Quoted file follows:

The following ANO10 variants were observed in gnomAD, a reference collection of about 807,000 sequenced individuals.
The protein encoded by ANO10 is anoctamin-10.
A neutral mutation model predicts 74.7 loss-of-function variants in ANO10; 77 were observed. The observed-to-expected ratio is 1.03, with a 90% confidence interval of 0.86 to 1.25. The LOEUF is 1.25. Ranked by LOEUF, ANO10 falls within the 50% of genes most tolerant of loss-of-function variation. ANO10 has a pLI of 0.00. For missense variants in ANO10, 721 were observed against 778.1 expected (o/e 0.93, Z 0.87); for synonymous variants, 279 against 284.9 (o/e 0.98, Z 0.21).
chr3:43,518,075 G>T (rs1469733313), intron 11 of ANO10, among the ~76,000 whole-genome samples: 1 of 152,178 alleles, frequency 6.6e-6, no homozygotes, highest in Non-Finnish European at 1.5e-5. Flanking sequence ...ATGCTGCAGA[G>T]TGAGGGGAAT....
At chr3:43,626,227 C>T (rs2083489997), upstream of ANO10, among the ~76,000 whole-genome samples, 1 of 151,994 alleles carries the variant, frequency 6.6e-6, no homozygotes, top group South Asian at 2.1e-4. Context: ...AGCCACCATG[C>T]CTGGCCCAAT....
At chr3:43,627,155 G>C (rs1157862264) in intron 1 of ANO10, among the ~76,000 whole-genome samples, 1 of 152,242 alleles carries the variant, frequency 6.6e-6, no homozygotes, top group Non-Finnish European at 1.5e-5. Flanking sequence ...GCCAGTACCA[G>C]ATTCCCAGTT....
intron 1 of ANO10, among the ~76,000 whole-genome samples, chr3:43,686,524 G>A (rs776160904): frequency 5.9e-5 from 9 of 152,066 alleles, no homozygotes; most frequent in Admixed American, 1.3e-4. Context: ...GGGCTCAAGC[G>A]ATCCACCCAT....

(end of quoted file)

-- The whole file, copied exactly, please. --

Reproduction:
The following ANO10 variants were observed in gnomAD, a reference collection of about 807,000 sequenced individuals.
The protein encoded by ANO10 is anoctamin-10.
A neutral mutation model predicts 74.7 loss-of-function variants in ANO10; 77 were observed. The observed-to-expected ratio is 1.03, with a 90% confidence interval of 0.86 to 1.25. The LOEUF is 1.25. Ranked by LOEUF, ANO10 falls within the 50% of genes most tolerant of loss-of-function variation. ANO10 has a pLI of 0.00. For missense variants in ANO10, 721 were observed against 778.1 expected (o/e 0.93, Z 0.87); for synonymous variants, 279 against 284.9 (o/e 0.98, Z 0.21).
chr3:43,518,075 G>T (rs1469733313), intron 11 of ANO10, among the ~76,000 whole-genome samples: 1 of 152,178 alleles, frequency 6.6e-6, no homozygotes, highest in Non-Finnish European at 1.5e-5. Flanking sequence ...ATGCTGCAGA[G>T]TGAGGGGAAT....
At chr3:43,626,227 C>T (rs2083489997), upstream of ANO10, among the ~76,000 whole-genome samples, 1 of 151,994 alleles carries the variant, frequency 6.6e-6, no homozygotes, top group South Asian at 2.1e-4. Context: ...AGCCACCATG[C>T]CTGGCCCAAT....
At chr3:43,627,155 G>C (rs1157862264) in intron 1 of ANO10, among the ~76,000 whole-genome samples, 1 of 152,242 alleles carries the variant, frequency 6.6e-6, no homozygotes, top group Non-Finnish European at 1.5e-5. Flanking sequence ...GCCAGTACCA[G>C]ATTCCCAGTT....
intron 1 of ANO10, among the ~76,000 whole-genome samples, chr3:43,686,524 G>A (rs776160904): frequency 5.9e-5 from 9 of 152,066 alleles, no homozygotes; most frequent in Admixed American, 1.3e-4. Context: ...GGGCTCAAGC[G>A]ATCCACCCAT....